Free Essay: Native American Sex Trafficking

Published: 2023-08-22
Free Essay: Native American Sex Trafficking
Type of paper:  Essay
Categories:  United States Violence Sexual abuse Human trafficking
Pages: 4
Wordcount: 865 words
8 min read

The United States (US) experiences increased rates of violence against Native American women. The issue of human trafficking has become a major issue in the world. The reports by the ILO indicate that roughly 4.5 million people in the entire globe have become victims of sexual exploitation annually, and the same report has shown that there is an increase of 59% in the victims of sex trafficking since 2008 (Chaudhry, 2017). In the globe, sex trafficking is recognized as the third-largest form of criminal industry in the world. Sex trafficking is a violation of the human rights that has faced the US. Why are so many Native American women missing?

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Almost a quarter of the new cases of victims of Mexican trafficking are Native American women. In the US, thousands of human trafficking cases are reported annually, and only 10% of the victims are often identified. Most victims of human trafficking in Mexico encompass Native American women (Logan, 2015). According to the reports by Searchlight New Mexico, the native girls and women are the least protected or recognized by the state as it struggles to handle the problem.

There are no protocols that are put in place to coordinate with law enforcement professionals to avoid exploitation. Indigenous women have been lured, coerced, and traded for drugs, money, and other favors. The victims of sex trafficking have reported numerous cases of depression, anxiety, and other psychological issues. Native American girls and women are reported missing, but the government has become reluctant in its pursuit of the criminals (Logan, 2015). The criminal industry is networked, and they also use law enforcement officers to achieve their objectives. The US has become so reluctant to launch a thorough investigation to find the missing girls and women. Once the women and the girls are found, they are not screened or questioned for human trafficking; hence no tangible action is taken by the law enforcement officers.

Sex trafficking among Native American women manifests itself in the form of exploitation of girls and women through coercion or threatening to establish a commercial sex act. Crime is growing at a higher rate, and the industry is expected to earn approximately $99 billion annually. Sex trafficking is not a new phenomenon among native communities (Chaudhry, 2017). The Native Americans have been treated with sex violence for centuries that is integral to displacement and colonization. Sex trafficking of Native American women is comparable with the strategies of enslavement, relocation, and exploitation used by the whites against the people of color. Stories of sex trafficking are common, but it is hard to find real data on the problem. Several cases go unreported or sometimes are not even documented.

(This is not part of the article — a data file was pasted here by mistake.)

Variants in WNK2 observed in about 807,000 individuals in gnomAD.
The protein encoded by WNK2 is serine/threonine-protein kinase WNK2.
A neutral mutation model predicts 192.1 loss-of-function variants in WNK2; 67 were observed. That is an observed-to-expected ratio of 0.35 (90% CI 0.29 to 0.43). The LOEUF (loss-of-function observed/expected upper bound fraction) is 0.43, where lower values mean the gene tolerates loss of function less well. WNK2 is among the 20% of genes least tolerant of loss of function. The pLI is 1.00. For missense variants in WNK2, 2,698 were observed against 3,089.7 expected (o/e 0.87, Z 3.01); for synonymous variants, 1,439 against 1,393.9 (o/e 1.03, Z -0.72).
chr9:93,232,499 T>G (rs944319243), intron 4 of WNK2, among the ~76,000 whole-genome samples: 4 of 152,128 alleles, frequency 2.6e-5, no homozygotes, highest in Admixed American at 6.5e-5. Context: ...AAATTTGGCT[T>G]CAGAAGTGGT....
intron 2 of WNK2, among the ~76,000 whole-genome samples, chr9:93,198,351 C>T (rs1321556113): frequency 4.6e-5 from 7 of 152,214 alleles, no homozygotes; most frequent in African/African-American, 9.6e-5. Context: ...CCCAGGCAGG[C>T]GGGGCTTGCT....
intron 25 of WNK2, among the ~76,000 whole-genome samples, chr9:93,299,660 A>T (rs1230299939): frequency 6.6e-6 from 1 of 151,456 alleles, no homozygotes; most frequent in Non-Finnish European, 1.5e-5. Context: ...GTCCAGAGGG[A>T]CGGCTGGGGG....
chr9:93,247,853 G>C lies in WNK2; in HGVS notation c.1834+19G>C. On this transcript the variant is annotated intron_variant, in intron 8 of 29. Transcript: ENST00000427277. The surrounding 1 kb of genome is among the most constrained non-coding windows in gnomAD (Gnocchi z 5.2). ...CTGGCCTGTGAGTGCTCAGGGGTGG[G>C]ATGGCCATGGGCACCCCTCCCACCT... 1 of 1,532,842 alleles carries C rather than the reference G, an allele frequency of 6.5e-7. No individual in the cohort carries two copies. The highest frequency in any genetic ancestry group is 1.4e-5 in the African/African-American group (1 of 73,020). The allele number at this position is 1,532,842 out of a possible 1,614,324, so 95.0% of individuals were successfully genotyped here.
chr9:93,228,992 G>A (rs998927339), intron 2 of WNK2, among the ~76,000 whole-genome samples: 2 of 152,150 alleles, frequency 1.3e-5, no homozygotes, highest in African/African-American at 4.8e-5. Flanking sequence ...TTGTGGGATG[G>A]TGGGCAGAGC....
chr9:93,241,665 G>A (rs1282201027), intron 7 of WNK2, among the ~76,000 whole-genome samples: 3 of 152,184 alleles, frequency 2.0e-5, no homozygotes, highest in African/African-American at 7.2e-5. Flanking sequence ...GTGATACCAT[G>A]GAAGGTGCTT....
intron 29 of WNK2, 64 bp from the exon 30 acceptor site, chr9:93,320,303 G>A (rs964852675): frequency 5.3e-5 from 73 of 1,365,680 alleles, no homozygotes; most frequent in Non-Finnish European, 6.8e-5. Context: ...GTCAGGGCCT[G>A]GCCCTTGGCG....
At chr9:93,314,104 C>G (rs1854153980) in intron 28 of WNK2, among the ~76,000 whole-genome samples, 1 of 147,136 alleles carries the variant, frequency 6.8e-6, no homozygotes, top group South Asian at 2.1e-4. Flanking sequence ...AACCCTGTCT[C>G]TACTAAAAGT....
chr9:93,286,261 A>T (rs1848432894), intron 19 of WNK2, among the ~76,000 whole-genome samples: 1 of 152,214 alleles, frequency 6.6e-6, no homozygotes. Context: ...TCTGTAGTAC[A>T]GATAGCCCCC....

In the US, there are no centralized databases that exist, and hence it isn't easy to track the cases. In the US, more than 4 in 5 women are victims of sexual trafficking yet to obtain the real picture, and you must get the information from families, tribes, and individuals.

The primary source of the problem is the longstanding hostility and indifference to Native Americans, specifically the Native American women (Logan, 2015). The issue is traceable back in history in the days when racial segregation was the order of the day to ravage the native ways of life, culture, and beliefs. Progressive sexism and racism is also other common source of trafficking due to the view that native women are assailable. Women of color are viewed as less superior as a class and to white women as a subclass. The federal response to the crimes has not been diligent enough to address the issues, and it is high time that America solves the problem tremendously.

Native American women are also humans who deserve protection from the state, just like any other human beings on the planet. Congress must consider enacting laws that can defend the victims of sex trafficking. All the cases should be resolved, and the offenders are brought to justice. The worst thing that a state can do is to fail to bring law perpetrators to face justice since such crimes will also increase at a high rate when they are unresolved (Chaudhry, 2017). The senators must enact a bill that is focused on establishing adequate federal response to the sex trafficking of Native American women. I believe that TLOA and VAWA are still not sufficient measures since they face numerous barriers. Critical changes should be made to combat the trafficking of indigenous women through enhanced measures of capacity building, collaboration between stakeholders, and legal reforms (Logan, 2015). The Indian nations, together with the non-governmental organizations, must join hands to demand justice from the federal government concerning the cases of native women sex trafficking. The American nation should formulate effective initiates to defend the inherent rights of the indigenous women in America and should guarantee them equal protection, justice, and resources. Law enforcement officers must be subjected to mandatory training on how to treat and respond to cases of sex trafficking.


Chaudhry, N. M. (2017). The Traffic of Native American Women.

Logan, M. (2015). Human Trafficking Among Native Americans: How Jurisdictional and Statutory Complexities Present Barriers to Combating Modern-Day Slavery. Am. Indian L. Rev., 40, 293.

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